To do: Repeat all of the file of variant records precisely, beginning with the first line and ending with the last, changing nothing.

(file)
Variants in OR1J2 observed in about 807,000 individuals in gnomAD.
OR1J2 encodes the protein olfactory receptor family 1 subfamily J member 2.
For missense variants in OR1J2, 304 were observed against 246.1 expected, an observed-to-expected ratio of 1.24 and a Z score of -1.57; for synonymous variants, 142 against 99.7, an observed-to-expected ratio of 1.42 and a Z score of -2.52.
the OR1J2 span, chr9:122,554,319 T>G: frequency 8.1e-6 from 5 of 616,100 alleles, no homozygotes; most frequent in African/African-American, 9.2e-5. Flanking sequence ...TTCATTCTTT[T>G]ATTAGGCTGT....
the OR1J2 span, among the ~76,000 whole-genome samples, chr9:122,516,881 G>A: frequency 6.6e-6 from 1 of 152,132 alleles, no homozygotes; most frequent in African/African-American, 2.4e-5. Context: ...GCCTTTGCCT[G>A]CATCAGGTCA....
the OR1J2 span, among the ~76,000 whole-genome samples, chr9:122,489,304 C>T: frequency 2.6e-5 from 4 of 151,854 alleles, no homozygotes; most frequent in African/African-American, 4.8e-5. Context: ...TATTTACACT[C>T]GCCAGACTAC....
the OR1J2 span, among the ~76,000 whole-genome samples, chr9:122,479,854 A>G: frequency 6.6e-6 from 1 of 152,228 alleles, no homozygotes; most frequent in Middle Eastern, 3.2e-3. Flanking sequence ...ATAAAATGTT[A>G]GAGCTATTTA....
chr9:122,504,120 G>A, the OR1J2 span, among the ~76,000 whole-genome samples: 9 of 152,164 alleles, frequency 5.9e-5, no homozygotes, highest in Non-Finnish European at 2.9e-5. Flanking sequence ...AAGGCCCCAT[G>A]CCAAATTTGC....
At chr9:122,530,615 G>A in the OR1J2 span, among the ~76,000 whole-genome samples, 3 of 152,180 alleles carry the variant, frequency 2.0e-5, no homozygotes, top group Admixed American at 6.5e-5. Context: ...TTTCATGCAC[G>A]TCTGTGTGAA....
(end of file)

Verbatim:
Variants in OR1J2 observed in about 807,000 individuals in gnomAD.
OR1J2 encodes the protein olfactory receptor family 1 subfamily J member 2.
For missense variants in OR1J2, 304 were observed against 246.1 expected, an observed-to-expected ratio of 1.24 and a Z score of -1.57; for synonymous variants, 142 against 99.7, an observed-to-expected ratio of 1.42 and a Z score of -2.52.
the OR1J2 span, chr9:122,554,319 T>G: frequency 8.1e-6 from 5 of 616,100 alleles, no homozygotes; most frequent in African/African-American, 9.2e-5. Flanking sequence ...TTCATTCTTT[T>G]ATTAGGCTGT....
the OR1J2 span, among the ~76,000 whole-genome samples, chr9:122,516,881 G>A: frequency 6.6e-6 from 1 of 152,132 alleles, no homozygotes; most frequent in African/African-American, 2.4e-5. Context: ...GCCTTTGCCT[G>A]CATCAGGTCA....
the OR1J2 span, among the ~76,000 whole-genome samples, chr9:122,489,304 C>T: frequency 2.6e-5 from 4 of 151,854 alleles, no homozygotes; most frequent in African/African-American, 4.8e-5. Context: ...TATTTACACT[C>T]GCCAGACTAC....
the OR1J2 span, among the ~76,000 whole-genome samples, chr9:122,479,854 A>G: frequency 6.6e-6 from 1 of 152,228 alleles, no homozygotes; most frequent in Middle Eastern, 3.2e-3. Flanking sequence ...ATAAAATGTT[A>G]GAGCTATTTA....
chr9:122,504,120 G>A, the OR1J2 span, among the ~76,000 whole-genome samples: 9 of 152,164 alleles, frequency 5.9e-5, no homozygotes, highest in Non-Finnish European at 2.9e-5. Flanking sequence ...AAGGCCCCAT[G>A]CCAAATTTGC....
At chr9:122,530,615 G>A in the OR1J2 span, among the ~76,000 whole-genome samples, 3 of 152,180 alleles carry the variant, frequency 2.0e-5, no homozygotes, top group Admixed American at 6.5e-5. Context: ...TTTCATGCAC[G>A]TCTGTGTGAA....